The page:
H.R. 5261, the Treatment, Education, And Community Help (TEACH) to Combat Addiction Act, authored by Rep. Bill Johnson (R-OH), will support Centers of Excellence, or institutions of learning that have championed SUD treatment and pain management education to improve how health professionals are taught about both SUD and pain.
H.R. __, the Comprehensive Opioid Recovery Centers Act of 2018, authored by #SubHealth Vice Chairman Brett Guthrie (R-KY), will establish Comprehensive Opioid Recovery Centers (CORCs) that will serve as models for comprehensive treatment and recovery. CORCs would utilize the full range of FDA-approved medications and evidence-based treatments, have strong linkages with the community, generate meaningful outcomes data, and dramatically improve the opportunities for individuals to establish and maintain long-term recovery as productive members of society.
H.R. 5272, the Reinforcing Evidence-Based Standards Under Law in Treating Substance Abuse (RESULTS) Act, authored by Reps. Steve Stivers (R-OH) and Eliot Engel (D-NY), will require entities applying for funding that would be used to support programs or activities that address mental health or SUD, to submit materials to HHS demonstrating that the programs or activities are evidence-based.
Discussion Draft, PDMPs, authored by #SubOversight Vice Chairman Morgan Griffith (R-VA), will improve current federal support for Prescription Drug Monitoring Programs (PDMPs) by requiring a coordinated effort amongst the Centers for Disease Control and Prevention (CDC), the Substance Abuse and Mental Health Services Administration (SAMHSA), and the Office of the National Coordinator for Health Information Technology to improve surveillance, data collection, and integration into physician clinical workflow so that timely, complete and accurate information will get into the hands of providers and dispensers, allowing them to make the best clinical decisions for their patients.
H.R. __, the Poison Center Network Enhancement Act of 2018, authored by Reps. Susan Brooks (R-IN) and Eliot Engel, will reauthorize the important network of centers within the National Poison Data System that offer free, confidential, expert medical advice 24 hours a day, seven days a week. Oftentimes these programs serve as the primary resource for poisoning information and help reduce Emergency Room visits through in-home treatment.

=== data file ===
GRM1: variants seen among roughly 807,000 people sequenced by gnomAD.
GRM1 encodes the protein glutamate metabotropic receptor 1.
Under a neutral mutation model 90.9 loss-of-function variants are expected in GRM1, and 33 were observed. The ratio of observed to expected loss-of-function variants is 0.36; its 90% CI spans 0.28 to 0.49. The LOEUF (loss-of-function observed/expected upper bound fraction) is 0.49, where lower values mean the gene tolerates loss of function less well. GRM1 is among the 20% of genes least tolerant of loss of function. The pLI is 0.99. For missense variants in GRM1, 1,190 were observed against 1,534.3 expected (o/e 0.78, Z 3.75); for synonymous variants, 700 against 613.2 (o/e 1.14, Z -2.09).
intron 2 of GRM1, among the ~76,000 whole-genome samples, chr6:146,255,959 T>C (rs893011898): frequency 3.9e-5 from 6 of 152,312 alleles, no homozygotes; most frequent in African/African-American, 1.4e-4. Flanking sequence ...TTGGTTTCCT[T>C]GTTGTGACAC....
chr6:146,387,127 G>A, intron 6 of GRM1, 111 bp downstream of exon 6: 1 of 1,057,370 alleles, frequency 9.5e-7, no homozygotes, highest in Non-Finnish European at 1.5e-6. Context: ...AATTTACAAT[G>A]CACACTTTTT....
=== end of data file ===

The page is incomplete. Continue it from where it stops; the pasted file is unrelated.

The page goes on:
H.R. 5140, Tribal Addiction and Recovery Act of 2018 (TARA), authored by Rep. Mullin would make Indian tribes eligible to be direct grantees of State Targeted Response to the Opioid Crisis Grants to fight the opioid epidemic in Indian Country, reflecting the government-to-government relationship between Indian tribes and the United States. Tribes would receive their own $25 million allocation that they could apply directly to the federal government, instead of having to go through their states.
H.R. __, FDA Accelerated Approval & Breakthrough Therapy Status, will take steps to make FDA pathways like the accelerated approval program available to take on the opioid crisis, leading to expedited development and review of drugs which may demonstrate substantial improvement over available therapies.
H.R. __, FDA and International Mail, authored by #SubCommTech Chairman Marsha Blackburn (R-TN), will streamline and enhance tools the Food and Drug Administration (FDA) has available to effectively intercept illegal products. In doing so, this bill will create efficiencies for government resources and better protect American citizens from dangerous imported substances.
H.R. __, FDA Opioid Sparing, authored by Rep. Barbara Comstock (R-VA), will direct FDA to articulate clear data collection methods that could be used to inform opioid-sparing labeling claims for products that may replace, delay, or reduce or the use of opioid analgesics.
H.R. 4684, the Ensuring Access to Quality Sober Living Act, authored by Reps. Judy Chu (D-CA), Mimi Walters (R-CA), Raul Ruiz (D-CA), and Gus Bilirakis (R-FL) will authorize SAMHSA to develop, publish, and disseminate best practices for operating recovery housing that promotes a safe environment for sustained recovery from SUD.
H.R. 5002, the Advancing Cutting Edge (ACE) Research Act, authored by Rep. Debbie Dingell and #SubEnergy Chairman Fred Upton (R-MI), will provide the National Institutes of Health (NIH) with new, flexible authorities to conduct innovative research and spur urgently needed research on new non-addictive pain medications.